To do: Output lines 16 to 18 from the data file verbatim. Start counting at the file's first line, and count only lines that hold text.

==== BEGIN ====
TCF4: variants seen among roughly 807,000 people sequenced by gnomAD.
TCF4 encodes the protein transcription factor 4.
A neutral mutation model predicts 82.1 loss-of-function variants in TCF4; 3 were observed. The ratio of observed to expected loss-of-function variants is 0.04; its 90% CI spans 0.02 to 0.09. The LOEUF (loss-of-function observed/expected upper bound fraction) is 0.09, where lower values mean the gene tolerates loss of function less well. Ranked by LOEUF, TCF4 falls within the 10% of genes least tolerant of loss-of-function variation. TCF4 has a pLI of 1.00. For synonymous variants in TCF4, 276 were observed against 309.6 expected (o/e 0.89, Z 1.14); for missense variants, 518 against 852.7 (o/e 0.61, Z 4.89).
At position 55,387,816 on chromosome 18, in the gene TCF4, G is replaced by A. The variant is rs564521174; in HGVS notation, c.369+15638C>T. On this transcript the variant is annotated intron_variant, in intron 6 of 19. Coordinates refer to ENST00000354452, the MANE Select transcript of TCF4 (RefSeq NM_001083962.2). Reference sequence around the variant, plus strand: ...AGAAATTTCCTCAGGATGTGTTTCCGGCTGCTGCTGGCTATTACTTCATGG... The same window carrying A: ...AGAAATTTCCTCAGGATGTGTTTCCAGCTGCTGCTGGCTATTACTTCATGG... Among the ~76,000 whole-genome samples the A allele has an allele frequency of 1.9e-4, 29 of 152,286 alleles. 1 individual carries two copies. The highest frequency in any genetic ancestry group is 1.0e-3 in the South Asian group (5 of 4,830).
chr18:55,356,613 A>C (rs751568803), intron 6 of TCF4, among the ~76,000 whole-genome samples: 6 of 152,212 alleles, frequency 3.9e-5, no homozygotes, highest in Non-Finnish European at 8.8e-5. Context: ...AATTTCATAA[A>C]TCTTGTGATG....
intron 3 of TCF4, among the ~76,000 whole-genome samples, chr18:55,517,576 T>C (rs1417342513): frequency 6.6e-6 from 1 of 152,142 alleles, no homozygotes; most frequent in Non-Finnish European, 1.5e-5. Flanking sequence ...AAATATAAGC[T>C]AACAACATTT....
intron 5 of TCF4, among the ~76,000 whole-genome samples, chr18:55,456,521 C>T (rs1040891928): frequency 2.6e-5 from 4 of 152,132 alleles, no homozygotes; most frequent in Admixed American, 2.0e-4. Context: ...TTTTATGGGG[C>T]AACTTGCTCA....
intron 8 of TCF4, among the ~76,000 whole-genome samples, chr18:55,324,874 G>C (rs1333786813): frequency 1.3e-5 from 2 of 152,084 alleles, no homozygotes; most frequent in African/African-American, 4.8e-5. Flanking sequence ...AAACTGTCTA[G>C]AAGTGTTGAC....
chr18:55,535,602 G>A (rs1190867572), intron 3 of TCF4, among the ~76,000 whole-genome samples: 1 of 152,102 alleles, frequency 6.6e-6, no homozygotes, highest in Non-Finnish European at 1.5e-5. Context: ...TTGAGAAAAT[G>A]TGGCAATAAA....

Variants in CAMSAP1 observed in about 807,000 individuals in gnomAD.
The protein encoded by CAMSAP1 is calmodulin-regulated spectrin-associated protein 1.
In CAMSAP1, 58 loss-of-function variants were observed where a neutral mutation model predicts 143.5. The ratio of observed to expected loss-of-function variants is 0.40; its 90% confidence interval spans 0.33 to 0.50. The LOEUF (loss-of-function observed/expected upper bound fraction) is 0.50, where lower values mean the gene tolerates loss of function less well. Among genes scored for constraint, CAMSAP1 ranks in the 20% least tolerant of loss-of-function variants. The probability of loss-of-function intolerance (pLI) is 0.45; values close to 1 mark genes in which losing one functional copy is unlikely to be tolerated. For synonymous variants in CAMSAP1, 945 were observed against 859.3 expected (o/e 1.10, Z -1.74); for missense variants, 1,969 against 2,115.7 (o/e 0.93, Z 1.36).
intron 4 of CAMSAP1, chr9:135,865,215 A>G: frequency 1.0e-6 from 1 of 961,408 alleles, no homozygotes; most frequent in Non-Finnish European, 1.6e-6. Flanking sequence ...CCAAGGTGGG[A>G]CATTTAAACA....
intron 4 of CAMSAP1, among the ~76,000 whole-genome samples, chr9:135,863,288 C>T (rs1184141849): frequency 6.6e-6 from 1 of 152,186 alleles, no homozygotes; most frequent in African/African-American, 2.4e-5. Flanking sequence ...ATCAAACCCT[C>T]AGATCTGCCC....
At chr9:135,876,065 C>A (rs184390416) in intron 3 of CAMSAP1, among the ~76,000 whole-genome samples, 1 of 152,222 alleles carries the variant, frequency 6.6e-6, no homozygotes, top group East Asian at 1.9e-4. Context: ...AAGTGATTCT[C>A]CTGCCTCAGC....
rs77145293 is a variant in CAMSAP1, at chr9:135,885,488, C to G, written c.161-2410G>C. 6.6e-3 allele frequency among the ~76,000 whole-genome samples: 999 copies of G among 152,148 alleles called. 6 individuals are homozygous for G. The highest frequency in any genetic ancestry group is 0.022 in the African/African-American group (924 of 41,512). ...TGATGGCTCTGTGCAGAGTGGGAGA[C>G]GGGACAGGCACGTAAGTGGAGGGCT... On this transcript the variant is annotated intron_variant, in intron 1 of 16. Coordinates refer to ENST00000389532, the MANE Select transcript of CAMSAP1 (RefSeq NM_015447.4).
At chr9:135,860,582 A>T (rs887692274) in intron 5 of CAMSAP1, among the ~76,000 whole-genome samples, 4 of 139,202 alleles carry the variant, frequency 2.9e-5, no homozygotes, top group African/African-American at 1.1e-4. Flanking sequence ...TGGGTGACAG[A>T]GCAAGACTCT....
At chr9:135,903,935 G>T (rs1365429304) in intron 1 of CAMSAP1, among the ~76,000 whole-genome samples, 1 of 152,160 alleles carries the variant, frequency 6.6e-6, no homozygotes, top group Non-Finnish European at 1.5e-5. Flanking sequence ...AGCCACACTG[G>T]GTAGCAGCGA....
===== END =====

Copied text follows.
rs77145293 is a variant in CAMSAP1, at chr9:135,885,488, C to G, written c.161-2410G>C. 6.6e-3 allele frequency among the ~76,000 whole-genome samples: 999 copies of G among 152,148 alleles called. 6 individuals are homozygous for G. The highest frequency in any genetic ancestry group is 0.022 in the African/African-American group (924 of 41,512). ...TGATGGCTCTGTGCAGAGTGGGAGA[C>G]GGGACAGGCACGTAAGTGGAGGGCT... On this transcript the variant is annotated intron_variant, in intron 1 of 16. Coordinates refer to ENST00000389532, the MANE Select transcript of CAMSAP1 (RefSeq NM_015447.4).
At chr9:135,860,582 A>T (rs887692274) in intron 5 of CAMSAP1, among the ~76,000 whole-genome samples, 4 of 139,202 alleles carry the variant, frequency 2.9e-5, no homozygotes, top group African/African-American at 1.1e-4. Flanking sequence ...TGGGTGACAG[A>T]GCAAGACTCT....
At chr9:135,903,935 G>T (rs1365429304) in intron 1 of CAMSAP1, among the ~76,000 whole-genome samples, 1 of 152,160 alleles carries the variant, frequency 6.6e-6, no homozygotes, top group Non-Finnish European at 1.5e-5. Flanking sequence ...AGCCACACTG[G>T]GTAGCAGCGA....